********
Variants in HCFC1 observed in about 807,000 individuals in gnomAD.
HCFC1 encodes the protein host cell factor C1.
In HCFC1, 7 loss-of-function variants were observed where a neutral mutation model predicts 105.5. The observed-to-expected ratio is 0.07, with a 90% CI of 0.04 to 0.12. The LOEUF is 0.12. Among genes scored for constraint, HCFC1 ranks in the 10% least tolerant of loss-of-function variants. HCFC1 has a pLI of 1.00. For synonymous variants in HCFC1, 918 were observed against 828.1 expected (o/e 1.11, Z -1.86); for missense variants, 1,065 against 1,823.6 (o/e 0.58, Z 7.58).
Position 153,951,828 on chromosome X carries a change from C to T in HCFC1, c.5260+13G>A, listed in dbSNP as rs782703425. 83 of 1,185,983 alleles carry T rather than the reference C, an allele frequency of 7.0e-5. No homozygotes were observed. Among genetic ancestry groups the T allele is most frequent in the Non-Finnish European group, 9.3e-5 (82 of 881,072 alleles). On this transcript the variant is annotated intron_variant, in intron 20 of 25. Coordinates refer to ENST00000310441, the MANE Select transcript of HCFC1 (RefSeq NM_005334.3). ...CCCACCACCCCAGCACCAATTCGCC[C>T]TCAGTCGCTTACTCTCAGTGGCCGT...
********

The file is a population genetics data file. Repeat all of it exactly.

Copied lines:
Variants in HCFC1 observed in about 807,000 individuals in gnomAD.
HCFC1 encodes the protein host cell factor C1.
In HCFC1, 7 loss-of-function variants were observed where a neutral mutation model predicts 105.5. The observed-to-expected ratio is 0.07, with a 90% CI of 0.04 to 0.12. The LOEUF is 0.12. Among genes scored for constraint, HCFC1 ranks in the 10% least tolerant of loss-of-function variants. HCFC1 has a pLI of 1.00. For synonymous variants in HCFC1, 918 were observed against 828.1 expected (o/e 1.11, Z -1.86); for missense variants, 1,065 against 1,823.6 (o/e 0.58, Z 7.58).
Position 153,951,828 on chromosome X carries a change from C to T in HCFC1, c.5260+13G>A, listed in dbSNP as rs782703425. 83 of 1,185,983 alleles carry T rather than the reference C, an allele frequency of 7.0e-5. No homozygotes were observed. Among genetic ancestry groups the T allele is most frequent in the Non-Finnish European group, 9.3e-5 (82 of 881,072 alleles). On this transcript the variant is annotated intron_variant, in intron 20 of 25. Coordinates refer to ENST00000310441, the MANE Select transcript of HCFC1 (RefSeq NM_005334.3). ...CCCACCACCCCAGCACCAATTCGCC[C>T]TCAGTCGCTTACTCTCAGTGGCCGT...